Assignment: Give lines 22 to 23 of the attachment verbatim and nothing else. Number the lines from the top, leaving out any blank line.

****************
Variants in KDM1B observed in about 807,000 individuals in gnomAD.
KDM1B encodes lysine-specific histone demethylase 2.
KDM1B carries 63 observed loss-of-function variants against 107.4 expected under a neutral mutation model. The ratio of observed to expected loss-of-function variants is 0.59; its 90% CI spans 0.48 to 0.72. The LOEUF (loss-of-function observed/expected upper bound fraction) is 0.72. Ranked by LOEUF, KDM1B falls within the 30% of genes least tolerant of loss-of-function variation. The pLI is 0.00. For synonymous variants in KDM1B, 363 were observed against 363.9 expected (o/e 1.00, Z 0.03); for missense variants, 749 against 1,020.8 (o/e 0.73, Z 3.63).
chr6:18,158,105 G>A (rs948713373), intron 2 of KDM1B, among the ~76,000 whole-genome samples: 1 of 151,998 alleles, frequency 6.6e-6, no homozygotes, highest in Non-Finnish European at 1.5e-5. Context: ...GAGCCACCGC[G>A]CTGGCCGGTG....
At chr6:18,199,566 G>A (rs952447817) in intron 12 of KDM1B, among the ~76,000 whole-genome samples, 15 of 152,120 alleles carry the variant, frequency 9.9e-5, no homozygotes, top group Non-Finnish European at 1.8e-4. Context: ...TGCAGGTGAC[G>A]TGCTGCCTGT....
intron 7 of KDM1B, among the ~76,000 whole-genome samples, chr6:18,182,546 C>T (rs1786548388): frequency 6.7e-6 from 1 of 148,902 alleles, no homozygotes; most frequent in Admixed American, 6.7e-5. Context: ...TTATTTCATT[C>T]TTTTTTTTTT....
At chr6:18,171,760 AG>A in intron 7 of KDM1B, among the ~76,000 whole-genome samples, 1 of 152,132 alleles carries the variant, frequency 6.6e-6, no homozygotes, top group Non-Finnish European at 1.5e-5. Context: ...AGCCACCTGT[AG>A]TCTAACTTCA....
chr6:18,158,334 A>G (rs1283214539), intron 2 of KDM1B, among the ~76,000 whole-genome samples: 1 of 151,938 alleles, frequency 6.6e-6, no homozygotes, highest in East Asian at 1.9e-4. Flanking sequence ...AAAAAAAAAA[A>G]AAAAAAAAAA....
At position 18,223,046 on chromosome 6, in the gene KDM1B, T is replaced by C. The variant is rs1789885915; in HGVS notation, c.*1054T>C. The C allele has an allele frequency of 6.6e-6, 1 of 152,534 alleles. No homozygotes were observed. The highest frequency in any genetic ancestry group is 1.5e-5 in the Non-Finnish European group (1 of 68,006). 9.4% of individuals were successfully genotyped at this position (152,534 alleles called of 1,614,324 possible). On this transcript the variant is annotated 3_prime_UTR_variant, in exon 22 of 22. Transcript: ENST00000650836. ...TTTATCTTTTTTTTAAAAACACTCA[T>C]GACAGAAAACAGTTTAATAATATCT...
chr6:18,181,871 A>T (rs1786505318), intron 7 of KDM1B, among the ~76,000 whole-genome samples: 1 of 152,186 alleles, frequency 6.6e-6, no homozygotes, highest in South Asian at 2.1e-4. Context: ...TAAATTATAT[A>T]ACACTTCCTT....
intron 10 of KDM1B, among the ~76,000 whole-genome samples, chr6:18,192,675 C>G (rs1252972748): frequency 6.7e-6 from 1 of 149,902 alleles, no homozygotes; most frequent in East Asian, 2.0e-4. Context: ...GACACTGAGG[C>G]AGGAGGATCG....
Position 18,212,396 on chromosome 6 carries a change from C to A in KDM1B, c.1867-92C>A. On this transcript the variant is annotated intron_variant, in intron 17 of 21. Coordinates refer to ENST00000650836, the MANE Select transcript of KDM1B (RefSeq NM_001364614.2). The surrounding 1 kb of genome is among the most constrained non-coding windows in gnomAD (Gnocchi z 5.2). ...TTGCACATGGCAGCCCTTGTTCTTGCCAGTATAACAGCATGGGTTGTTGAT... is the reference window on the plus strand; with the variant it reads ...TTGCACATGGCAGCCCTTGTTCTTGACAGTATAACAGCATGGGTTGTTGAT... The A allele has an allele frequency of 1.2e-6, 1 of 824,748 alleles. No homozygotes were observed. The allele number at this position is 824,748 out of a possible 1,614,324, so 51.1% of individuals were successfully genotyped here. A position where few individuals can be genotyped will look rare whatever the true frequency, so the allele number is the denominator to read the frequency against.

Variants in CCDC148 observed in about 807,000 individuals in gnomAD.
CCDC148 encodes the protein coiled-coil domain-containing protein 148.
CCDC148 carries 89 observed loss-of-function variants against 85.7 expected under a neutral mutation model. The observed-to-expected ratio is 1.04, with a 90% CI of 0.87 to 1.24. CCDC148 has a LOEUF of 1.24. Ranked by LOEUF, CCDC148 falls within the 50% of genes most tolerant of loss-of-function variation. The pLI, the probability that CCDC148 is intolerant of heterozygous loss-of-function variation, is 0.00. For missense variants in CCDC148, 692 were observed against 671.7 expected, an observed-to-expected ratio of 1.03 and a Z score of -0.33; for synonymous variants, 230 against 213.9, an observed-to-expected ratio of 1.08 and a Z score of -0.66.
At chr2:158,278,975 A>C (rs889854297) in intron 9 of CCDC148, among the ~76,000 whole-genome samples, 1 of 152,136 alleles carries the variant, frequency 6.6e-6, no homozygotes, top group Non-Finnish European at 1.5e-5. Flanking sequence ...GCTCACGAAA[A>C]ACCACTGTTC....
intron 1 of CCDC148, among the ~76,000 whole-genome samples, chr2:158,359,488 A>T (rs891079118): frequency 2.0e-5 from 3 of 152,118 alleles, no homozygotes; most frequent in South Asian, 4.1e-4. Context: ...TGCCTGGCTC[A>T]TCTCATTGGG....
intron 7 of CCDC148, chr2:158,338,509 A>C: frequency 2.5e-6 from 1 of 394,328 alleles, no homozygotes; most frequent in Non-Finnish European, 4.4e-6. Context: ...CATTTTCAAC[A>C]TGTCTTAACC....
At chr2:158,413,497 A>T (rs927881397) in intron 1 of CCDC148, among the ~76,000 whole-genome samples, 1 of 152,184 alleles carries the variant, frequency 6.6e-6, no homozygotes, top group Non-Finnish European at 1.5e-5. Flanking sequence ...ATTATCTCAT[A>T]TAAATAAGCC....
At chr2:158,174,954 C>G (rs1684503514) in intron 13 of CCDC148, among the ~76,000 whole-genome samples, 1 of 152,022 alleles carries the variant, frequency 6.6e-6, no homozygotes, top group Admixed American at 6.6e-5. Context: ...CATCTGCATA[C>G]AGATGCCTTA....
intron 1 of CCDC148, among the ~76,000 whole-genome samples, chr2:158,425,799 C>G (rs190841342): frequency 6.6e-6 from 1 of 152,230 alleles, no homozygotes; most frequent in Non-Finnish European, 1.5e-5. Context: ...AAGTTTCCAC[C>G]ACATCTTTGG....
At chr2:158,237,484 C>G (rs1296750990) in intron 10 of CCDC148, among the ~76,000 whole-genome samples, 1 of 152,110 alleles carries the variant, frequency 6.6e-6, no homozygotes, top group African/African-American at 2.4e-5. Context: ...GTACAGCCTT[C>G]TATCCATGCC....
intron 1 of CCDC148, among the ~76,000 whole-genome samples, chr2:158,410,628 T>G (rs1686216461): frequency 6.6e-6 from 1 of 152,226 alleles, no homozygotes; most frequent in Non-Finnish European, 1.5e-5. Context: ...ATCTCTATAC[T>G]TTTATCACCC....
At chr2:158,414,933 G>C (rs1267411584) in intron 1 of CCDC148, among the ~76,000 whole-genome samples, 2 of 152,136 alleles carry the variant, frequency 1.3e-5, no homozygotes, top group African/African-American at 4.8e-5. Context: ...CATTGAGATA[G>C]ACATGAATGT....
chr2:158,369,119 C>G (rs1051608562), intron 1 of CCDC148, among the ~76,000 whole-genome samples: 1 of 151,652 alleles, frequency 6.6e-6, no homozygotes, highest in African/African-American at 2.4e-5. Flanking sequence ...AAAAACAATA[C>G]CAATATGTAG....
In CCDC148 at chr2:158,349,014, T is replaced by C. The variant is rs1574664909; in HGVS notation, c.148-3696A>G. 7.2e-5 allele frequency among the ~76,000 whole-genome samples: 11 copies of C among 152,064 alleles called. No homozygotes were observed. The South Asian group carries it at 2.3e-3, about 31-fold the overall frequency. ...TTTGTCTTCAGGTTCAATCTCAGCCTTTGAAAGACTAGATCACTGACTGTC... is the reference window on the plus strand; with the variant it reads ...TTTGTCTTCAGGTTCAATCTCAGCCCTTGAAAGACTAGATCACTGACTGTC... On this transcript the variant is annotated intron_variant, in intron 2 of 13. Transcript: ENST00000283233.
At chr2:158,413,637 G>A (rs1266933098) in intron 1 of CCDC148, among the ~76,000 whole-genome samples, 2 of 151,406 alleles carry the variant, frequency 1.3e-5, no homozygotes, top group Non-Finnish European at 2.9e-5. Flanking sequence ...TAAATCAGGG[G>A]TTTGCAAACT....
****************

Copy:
At chr2:158,237,484 C>G (rs1296750990) in intron 10 of CCDC148, among the ~76,000 whole-genome samples, 1 of 152,110 alleles carries the variant, frequency 6.6e-6, no homozygotes, top group African/African-American at 2.4e-5. Context: ...GTACAGCCTT[C>G]TATCCATGCC....
intron 1 of CCDC148, among the ~76,000 whole-genome samples, chr2:158,410,628 T>G (rs1686216461): frequency 6.6e-6 from 1 of 152,226 alleles, no homozygotes; most frequent in Non-Finnish European, 1.5e-5. Context: ...ATCTCTATAC[T>G]TTTATCACCC....